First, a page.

Over the weekend, I attended three different events in three different places that, at first, seemed to have nothing in common, but by Monday morning, I realized they did.
The first event was a reception for a young man graduating from high school.
The second was a meeting with a man and his son who worked full time in town with jobs in manufacturing, while farming on a small scale on evenings and weekends.
The third was a large auction of estate and household items from several families.
The high school graduate is one of those young people there are not enough of, graduating with high grades, active in athletics and a 4-H member.
He is just a pleasant, respectful, kind of person whose future looks very good.
I had heard he was interested in being a farmer, but as his parents had only an acreage, it looked like an impossible dream.
I visited with him briefly and told him to not give up on his dream. There are many agricultural-related jobs and I suggested becoming a veterinarian because of his interest in livestock.
Later that day, I met with a father and son who farmed with older, small machinery, because of the size of their farm and performed most of their mechanical work including overhauls.
They had both crops and livestock, but with full time jobs in town, did their farming during evenings and weekends.
The father told me their farm was a hobby farm, and I told him with $3 dollar corn we are all hobby farmers.
At the end of our visit, I knew I had met two men who proved that farmers come in all sizes, and that love of farming is not measured in acres or new shiny machinery.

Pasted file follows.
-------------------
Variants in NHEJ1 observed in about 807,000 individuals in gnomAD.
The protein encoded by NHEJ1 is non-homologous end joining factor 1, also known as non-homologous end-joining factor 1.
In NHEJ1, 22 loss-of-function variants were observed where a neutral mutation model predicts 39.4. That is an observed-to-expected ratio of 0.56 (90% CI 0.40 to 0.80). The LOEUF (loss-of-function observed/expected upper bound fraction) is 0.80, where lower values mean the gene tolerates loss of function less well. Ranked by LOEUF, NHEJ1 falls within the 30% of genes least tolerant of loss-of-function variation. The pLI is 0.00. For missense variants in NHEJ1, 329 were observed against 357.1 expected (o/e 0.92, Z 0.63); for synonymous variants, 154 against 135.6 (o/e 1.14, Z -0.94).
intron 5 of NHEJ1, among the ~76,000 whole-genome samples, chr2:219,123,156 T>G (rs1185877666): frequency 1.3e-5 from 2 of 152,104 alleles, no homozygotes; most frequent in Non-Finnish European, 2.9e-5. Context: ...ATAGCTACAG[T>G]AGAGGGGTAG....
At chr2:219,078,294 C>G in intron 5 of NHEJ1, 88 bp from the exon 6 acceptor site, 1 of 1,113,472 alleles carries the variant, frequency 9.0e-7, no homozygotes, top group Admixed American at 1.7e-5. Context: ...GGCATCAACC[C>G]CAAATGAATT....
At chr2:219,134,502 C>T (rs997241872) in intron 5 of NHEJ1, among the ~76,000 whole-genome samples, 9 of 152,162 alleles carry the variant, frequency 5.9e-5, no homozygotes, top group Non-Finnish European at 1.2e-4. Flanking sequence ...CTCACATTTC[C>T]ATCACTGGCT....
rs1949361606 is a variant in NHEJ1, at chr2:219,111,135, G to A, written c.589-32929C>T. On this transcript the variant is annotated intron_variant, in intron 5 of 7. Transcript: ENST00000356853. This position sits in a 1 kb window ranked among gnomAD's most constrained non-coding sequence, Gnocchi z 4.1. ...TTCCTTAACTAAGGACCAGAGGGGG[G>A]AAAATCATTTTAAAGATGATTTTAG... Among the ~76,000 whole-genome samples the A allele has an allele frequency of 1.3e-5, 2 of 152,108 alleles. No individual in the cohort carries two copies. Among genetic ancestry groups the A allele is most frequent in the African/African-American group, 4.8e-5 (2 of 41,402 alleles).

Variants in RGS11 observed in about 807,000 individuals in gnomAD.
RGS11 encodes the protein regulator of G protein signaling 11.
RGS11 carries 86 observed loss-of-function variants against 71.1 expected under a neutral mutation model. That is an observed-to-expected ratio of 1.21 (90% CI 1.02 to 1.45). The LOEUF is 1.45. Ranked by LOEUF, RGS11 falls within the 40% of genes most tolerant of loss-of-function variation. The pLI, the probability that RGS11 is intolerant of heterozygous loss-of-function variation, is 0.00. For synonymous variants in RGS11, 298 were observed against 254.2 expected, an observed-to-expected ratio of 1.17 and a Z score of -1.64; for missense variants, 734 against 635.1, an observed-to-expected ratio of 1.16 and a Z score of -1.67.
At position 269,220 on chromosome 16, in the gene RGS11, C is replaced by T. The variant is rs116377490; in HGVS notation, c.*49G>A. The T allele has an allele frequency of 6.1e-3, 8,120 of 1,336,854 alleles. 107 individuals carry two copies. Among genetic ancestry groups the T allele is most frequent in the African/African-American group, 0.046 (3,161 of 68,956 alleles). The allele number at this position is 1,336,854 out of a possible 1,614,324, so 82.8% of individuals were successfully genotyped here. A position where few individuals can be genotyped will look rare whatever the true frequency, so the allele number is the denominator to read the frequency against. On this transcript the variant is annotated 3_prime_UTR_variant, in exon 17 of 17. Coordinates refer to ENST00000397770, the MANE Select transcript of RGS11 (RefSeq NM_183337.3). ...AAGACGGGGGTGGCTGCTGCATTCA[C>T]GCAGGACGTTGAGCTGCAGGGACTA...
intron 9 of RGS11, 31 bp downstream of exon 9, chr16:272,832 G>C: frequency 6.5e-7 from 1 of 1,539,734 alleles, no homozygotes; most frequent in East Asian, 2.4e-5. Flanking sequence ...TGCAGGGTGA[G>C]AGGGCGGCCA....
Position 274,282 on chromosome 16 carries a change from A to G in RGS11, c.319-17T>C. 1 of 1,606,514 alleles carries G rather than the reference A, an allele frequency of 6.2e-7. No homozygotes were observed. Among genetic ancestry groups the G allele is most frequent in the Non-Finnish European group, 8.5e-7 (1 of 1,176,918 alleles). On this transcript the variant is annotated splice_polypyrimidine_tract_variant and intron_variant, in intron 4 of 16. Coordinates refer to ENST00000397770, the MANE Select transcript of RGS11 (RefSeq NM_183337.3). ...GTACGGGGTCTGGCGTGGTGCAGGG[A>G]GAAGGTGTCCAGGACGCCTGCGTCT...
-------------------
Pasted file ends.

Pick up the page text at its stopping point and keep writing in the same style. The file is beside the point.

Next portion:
At the large auction, my wife went to her area of interest and I walked to where the guns were being auctioned.
After the last gun was sold, smaller gun-related items were next and the auctioneer sought bids on a bayonet.
He said a person can tell this bayonet was owned by a farmer because the tip had been flattened to turn it into a screwdriver.
Lying in bed awake Sunday night, my thoughts reviewed the weekend and what I saw.
The high school graduate who had no access to land, but still wanted to farm, is the future. He has his work ahead of him to realize his goal.
The future of agriculture and especially farming will depend on those young people who are committed to their goals and willing to take a risk and do the work to realize them.
The father-son combination is the present in farming. They’ll do what it takes to pursue their passion. They recognize they have to balance their expenses against income.
They will be able to ride out the low crop prices because of their off-farm income.
I left their farm with an admiration for their obvious passion, hobby farm or not.
At the auction I thought about this deceased farmer whose lasting mark after leaving this world was turning a weapon of war into a tool of peace.
In these three seemingly unrelated events, I had seen the past, present and future of farming and the people who have been farmers, are farmers, and want to be farmers.
These are the people who keep farming and agricultural-related work the honorable profession it is – past, present and future.
Rye is a Farm News staff writer and farmer from Hanlontown. Reach him by e-mail at firstname.lastname@example.org.
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